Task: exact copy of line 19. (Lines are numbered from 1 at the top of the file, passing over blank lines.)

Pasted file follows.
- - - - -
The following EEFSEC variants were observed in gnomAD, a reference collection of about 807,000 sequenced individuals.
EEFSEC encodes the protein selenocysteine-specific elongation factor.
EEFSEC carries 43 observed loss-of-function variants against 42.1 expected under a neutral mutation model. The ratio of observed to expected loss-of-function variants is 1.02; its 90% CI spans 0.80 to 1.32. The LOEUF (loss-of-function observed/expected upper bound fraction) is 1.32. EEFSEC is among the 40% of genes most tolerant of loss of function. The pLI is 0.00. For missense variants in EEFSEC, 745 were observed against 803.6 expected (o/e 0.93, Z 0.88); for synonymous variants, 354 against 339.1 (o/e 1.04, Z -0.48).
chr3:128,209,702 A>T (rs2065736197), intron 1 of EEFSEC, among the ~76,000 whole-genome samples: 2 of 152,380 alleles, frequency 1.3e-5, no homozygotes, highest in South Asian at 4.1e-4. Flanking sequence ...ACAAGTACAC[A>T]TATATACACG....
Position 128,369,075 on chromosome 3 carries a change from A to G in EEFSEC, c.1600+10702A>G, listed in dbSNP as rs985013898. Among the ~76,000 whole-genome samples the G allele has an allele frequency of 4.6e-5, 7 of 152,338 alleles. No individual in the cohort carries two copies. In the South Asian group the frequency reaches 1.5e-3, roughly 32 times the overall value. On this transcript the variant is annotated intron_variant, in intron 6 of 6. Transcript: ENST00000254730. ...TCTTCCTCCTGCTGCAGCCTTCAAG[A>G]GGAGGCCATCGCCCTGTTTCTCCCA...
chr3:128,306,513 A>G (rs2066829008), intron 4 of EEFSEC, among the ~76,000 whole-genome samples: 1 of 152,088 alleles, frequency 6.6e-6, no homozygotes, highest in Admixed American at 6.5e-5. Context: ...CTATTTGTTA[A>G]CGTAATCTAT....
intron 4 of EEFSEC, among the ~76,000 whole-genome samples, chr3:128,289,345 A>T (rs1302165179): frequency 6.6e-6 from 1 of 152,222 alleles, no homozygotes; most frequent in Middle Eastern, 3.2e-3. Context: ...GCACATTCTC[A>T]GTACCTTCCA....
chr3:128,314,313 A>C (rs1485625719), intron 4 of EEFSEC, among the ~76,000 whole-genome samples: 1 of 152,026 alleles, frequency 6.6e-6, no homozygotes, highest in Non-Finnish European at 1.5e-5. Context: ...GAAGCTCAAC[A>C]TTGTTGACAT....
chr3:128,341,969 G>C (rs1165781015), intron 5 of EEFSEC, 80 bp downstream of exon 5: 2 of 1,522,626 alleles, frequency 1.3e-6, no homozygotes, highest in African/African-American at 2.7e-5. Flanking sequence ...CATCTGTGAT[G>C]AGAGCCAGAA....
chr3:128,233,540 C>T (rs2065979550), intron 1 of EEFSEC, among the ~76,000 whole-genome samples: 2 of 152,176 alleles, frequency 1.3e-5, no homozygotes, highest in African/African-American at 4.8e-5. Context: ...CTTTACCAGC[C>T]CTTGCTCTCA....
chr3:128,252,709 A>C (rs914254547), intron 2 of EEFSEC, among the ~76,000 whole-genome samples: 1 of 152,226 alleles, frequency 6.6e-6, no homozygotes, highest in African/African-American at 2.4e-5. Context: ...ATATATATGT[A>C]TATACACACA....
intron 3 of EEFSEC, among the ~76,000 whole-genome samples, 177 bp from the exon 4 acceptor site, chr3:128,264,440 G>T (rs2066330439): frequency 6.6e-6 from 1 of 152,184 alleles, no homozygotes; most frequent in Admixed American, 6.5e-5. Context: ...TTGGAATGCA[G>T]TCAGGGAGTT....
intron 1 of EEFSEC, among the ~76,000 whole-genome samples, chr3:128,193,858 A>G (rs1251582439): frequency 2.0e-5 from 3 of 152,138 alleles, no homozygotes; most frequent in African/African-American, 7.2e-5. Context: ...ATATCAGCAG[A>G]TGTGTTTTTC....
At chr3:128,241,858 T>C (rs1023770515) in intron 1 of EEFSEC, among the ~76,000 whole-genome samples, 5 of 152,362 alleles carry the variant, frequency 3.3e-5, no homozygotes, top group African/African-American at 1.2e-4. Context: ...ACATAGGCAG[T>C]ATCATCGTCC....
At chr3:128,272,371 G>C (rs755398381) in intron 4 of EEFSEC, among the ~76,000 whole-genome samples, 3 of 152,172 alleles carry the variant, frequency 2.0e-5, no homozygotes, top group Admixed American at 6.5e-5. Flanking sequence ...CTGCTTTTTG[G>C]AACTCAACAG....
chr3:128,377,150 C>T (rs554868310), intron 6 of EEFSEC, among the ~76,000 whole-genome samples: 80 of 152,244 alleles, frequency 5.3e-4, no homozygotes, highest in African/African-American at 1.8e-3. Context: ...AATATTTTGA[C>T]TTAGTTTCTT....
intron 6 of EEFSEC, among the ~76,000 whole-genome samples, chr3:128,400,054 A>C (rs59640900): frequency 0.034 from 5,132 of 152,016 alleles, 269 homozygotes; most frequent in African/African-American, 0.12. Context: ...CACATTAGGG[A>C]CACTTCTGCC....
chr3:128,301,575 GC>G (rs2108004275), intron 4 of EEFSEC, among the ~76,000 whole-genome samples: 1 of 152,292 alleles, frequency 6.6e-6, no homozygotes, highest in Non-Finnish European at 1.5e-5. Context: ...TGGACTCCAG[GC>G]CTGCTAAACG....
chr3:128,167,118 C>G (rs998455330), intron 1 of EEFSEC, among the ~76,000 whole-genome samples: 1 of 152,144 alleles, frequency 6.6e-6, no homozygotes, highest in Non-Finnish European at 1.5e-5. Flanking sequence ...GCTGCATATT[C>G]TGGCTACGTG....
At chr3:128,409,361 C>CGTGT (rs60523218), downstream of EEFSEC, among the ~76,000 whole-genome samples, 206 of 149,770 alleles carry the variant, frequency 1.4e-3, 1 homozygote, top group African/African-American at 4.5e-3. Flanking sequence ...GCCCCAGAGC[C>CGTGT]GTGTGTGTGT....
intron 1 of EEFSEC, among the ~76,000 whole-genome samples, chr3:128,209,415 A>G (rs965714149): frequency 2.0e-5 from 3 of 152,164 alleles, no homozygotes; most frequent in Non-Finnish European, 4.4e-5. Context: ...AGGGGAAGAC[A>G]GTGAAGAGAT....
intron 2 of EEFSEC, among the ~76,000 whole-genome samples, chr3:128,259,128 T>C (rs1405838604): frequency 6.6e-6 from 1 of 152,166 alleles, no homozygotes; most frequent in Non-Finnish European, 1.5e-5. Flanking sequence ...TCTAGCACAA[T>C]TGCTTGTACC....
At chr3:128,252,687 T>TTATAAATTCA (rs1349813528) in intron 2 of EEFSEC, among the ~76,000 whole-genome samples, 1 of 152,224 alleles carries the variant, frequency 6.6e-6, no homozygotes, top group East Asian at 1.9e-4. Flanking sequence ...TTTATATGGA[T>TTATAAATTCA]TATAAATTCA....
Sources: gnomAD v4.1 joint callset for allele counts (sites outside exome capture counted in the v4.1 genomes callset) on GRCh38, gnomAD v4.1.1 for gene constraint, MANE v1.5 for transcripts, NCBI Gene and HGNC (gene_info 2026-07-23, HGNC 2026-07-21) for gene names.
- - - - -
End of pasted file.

chr3:128,167,118 C>G (rs998455330), intron 1 of EEFSEC, among the ~76,000 whole-genome samples: 1 of 152,144 alleles, frequency 6.6e-6, no homozygotes, highest in Non-Finnish European at 1.5e-5. Flanking sequence ...GCTGCATATT[C>G]TGGCTACGTG....